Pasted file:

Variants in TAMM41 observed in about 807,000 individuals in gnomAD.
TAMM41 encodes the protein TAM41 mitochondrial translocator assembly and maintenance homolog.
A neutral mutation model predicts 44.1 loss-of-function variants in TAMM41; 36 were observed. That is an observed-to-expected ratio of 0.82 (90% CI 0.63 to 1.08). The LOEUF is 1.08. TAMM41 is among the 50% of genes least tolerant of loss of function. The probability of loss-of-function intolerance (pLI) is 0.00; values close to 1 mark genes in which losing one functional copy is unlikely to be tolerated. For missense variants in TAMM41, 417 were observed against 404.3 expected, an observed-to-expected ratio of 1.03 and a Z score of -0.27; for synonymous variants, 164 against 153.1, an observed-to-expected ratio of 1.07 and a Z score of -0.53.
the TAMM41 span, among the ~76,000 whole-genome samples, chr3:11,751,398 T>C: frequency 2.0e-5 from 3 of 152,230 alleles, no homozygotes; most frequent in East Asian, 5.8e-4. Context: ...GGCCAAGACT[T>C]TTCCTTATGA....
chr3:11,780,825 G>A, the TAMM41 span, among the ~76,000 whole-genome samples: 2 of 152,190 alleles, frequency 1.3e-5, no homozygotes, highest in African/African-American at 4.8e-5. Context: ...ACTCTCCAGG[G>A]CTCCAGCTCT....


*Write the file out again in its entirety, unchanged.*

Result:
Variants in TAMM41 observed in about 807,000 individuals in gnomAD.
TAMM41 encodes the protein TAM41 mitochondrial translocator assembly and maintenance homolog.
A neutral mutation model predicts 44.1 loss-of-function variants in TAMM41; 36 were observed. That is an observed-to-expected ratio of 0.82 (90% CI 0.63 to 1.08). The LOEUF is 1.08. TAMM41 is among the 50% of genes least tolerant of loss of function. The probability of loss-of-function intolerance (pLI) is 0.00; values close to 1 mark genes in which losing one functional copy is unlikely to be tolerated. For missense variants in TAMM41, 417 were observed against 404.3 expected, an observed-to-expected ratio of 1.03 and a Z score of -0.27; for synonymous variants, 164 against 153.1, an observed-to-expected ratio of 1.07 and a Z score of -0.53.
the TAMM41 span, among the ~76,000 whole-genome samples, chr3:11,751,398 T>C: frequency 2.0e-5 from 3 of 152,230 alleles, no homozygotes; most frequent in East Asian, 5.8e-4. Context: ...GGCCAAGACT[T>C]TTCCTTATGA....
chr3:11,780,825 G>A, the TAMM41 span, among the ~76,000 whole-genome samples: 2 of 152,190 alleles, frequency 1.3e-5, no homozygotes, highest in African/African-American at 4.8e-5. Context: ...ACTCTCCAGG[G>A]CTCCAGCTCT....